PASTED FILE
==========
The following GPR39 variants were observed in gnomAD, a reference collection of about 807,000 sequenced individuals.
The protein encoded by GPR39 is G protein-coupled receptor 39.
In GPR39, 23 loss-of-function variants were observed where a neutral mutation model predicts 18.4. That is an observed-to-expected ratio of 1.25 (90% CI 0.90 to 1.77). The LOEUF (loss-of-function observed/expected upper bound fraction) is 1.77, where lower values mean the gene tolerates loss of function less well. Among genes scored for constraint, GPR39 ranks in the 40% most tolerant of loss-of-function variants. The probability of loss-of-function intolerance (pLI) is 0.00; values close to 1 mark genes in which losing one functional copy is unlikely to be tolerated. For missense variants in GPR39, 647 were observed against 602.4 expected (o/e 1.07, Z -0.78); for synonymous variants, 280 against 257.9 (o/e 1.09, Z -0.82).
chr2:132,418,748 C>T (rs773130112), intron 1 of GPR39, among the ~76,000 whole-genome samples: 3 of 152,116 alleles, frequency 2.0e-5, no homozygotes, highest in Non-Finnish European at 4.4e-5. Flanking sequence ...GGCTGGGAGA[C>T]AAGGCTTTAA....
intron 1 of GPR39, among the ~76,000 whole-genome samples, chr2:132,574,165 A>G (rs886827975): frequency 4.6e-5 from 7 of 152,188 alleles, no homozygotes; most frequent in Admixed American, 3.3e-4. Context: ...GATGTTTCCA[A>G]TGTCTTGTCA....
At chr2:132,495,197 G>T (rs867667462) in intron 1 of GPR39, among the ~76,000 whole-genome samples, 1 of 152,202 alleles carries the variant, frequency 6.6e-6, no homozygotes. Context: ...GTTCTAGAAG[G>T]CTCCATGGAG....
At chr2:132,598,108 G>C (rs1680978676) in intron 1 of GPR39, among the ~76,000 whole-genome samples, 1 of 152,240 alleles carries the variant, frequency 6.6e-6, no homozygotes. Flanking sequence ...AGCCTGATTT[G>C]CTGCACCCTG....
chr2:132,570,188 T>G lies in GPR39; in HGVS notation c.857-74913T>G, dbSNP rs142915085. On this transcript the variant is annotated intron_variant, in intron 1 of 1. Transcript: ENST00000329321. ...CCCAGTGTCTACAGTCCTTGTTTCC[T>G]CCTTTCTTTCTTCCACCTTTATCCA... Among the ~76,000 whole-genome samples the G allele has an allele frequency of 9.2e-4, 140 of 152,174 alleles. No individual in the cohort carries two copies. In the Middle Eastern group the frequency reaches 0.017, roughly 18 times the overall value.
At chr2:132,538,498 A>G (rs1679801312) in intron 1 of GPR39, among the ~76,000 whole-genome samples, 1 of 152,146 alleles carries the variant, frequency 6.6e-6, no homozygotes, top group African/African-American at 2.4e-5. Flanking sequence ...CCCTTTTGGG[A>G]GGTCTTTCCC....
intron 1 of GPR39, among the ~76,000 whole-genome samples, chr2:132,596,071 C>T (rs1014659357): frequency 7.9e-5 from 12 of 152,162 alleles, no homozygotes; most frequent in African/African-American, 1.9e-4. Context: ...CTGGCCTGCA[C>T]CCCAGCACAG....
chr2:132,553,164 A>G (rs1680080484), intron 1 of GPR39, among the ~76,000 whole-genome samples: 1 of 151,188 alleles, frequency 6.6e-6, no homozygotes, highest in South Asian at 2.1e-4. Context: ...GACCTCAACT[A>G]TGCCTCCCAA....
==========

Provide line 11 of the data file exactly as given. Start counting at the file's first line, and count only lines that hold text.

chr2:132,553,164 A>G (rs1680080484), intron 1 of GPR39, among the ~76,000 whole-genome samples: 1 of 151,188 alleles, frequency 6.6e-6, no homozygotes, highest in South Asian at 2.1e-4. Context: ...GACCTCAACT[A>G]TGCCTCCCAA....